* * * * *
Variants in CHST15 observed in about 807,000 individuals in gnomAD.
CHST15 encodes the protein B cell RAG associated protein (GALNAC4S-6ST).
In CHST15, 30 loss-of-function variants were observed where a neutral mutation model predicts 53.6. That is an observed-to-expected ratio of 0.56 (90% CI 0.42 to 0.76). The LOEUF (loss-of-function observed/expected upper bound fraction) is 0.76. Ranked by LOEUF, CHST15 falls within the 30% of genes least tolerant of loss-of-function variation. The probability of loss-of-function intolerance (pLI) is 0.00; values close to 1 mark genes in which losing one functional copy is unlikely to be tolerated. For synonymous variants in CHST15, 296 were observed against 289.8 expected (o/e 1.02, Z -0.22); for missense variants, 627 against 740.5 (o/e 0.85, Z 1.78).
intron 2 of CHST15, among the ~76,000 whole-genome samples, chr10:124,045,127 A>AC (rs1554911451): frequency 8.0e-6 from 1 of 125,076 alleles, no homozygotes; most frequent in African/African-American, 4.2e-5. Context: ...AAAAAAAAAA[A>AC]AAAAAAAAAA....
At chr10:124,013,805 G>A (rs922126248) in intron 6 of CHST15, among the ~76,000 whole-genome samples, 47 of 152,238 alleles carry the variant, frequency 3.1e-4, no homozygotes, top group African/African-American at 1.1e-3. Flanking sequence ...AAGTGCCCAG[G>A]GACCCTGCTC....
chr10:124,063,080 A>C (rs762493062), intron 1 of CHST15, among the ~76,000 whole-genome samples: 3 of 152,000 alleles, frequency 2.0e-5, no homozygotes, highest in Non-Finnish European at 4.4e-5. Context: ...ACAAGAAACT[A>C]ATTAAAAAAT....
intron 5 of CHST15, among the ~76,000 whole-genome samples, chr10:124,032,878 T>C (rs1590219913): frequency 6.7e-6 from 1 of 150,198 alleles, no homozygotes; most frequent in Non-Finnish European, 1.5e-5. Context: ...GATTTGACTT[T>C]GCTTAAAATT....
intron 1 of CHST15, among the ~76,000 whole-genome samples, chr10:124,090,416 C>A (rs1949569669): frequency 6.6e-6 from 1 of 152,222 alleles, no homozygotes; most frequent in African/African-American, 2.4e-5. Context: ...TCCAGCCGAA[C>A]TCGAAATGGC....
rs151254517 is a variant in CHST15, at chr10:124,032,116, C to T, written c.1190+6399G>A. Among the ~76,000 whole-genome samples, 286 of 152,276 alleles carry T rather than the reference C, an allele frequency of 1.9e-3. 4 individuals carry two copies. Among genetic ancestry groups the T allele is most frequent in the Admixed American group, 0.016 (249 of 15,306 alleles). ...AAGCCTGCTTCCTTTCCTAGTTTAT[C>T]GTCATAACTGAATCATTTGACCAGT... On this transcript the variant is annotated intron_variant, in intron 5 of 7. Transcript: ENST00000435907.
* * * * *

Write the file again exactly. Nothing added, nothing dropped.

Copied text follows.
Variants in CHST15 observed in about 807,000 individuals in gnomAD.
CHST15 encodes the protein B cell RAG associated protein (GALNAC4S-6ST).
In CHST15, 30 loss-of-function variants were observed where a neutral mutation model predicts 53.6. That is an observed-to-expected ratio of 0.56 (90% CI 0.42 to 0.76). The LOEUF (loss-of-function observed/expected upper bound fraction) is 0.76. Ranked by LOEUF, CHST15 falls within the 30% of genes least tolerant of loss-of-function variation. The probability of loss-of-function intolerance (pLI) is 0.00; values close to 1 mark genes in which losing one functional copy is unlikely to be tolerated. For synonymous variants in CHST15, 296 were observed against 289.8 expected (o/e 1.02, Z -0.22); for missense variants, 627 against 740.5 (o/e 0.85, Z 1.78).
intron 2 of CHST15, among the ~76,000 whole-genome samples, chr10:124,045,127 A>AC (rs1554911451): frequency 8.0e-6 from 1 of 125,076 alleles, no homozygotes; most frequent in African/African-American, 4.2e-5. Context: ...AAAAAAAAAA[A>AC]AAAAAAAAAA....
At chr10:124,013,805 G>A (rs922126248) in intron 6 of CHST15, among the ~76,000 whole-genome samples, 47 of 152,238 alleles carry the variant, frequency 3.1e-4, no homozygotes, top group African/African-American at 1.1e-3. Flanking sequence ...AAGTGCCCAG[G>A]GACCCTGCTC....
chr10:124,063,080 A>C (rs762493062), intron 1 of CHST15, among the ~76,000 whole-genome samples: 3 of 152,000 alleles, frequency 2.0e-5, no homozygotes, highest in Non-Finnish European at 4.4e-5. Context: ...ACAAGAAACT[A>C]ATTAAAAAAT....
intron 5 of CHST15, among the ~76,000 whole-genome samples, chr10:124,032,878 T>C (rs1590219913): frequency 6.7e-6 from 1 of 150,198 alleles, no homozygotes; most frequent in Non-Finnish European, 1.5e-5. Context: ...GATTTGACTT[T>C]GCTTAAAATT....
intron 1 of CHST15, among the ~76,000 whole-genome samples, chr10:124,090,416 C>A (rs1949569669): frequency 6.6e-6 from 1 of 152,222 alleles, no homozygotes; most frequent in African/African-American, 2.4e-5. Context: ...TCCAGCCGAA[C>A]TCGAAATGGC....
rs151254517 is a variant in CHST15, at chr10:124,032,116, C to T, written c.1190+6399G>A. Among the ~76,000 whole-genome samples, 286 of 152,276 alleles carry T rather than the reference C, an allele frequency of 1.9e-3. 4 individuals carry two copies. Among genetic ancestry groups the T allele is most frequent in the Admixed American group, 0.016 (249 of 15,306 alleles). ...AAGCCTGCTTCCTTTCCTAGTTTAT[C>T]GTCATAACTGAATCATTTGACCAGT... On this transcript the variant is annotated intron_variant, in intron 5 of 7. Transcript: ENST00000435907.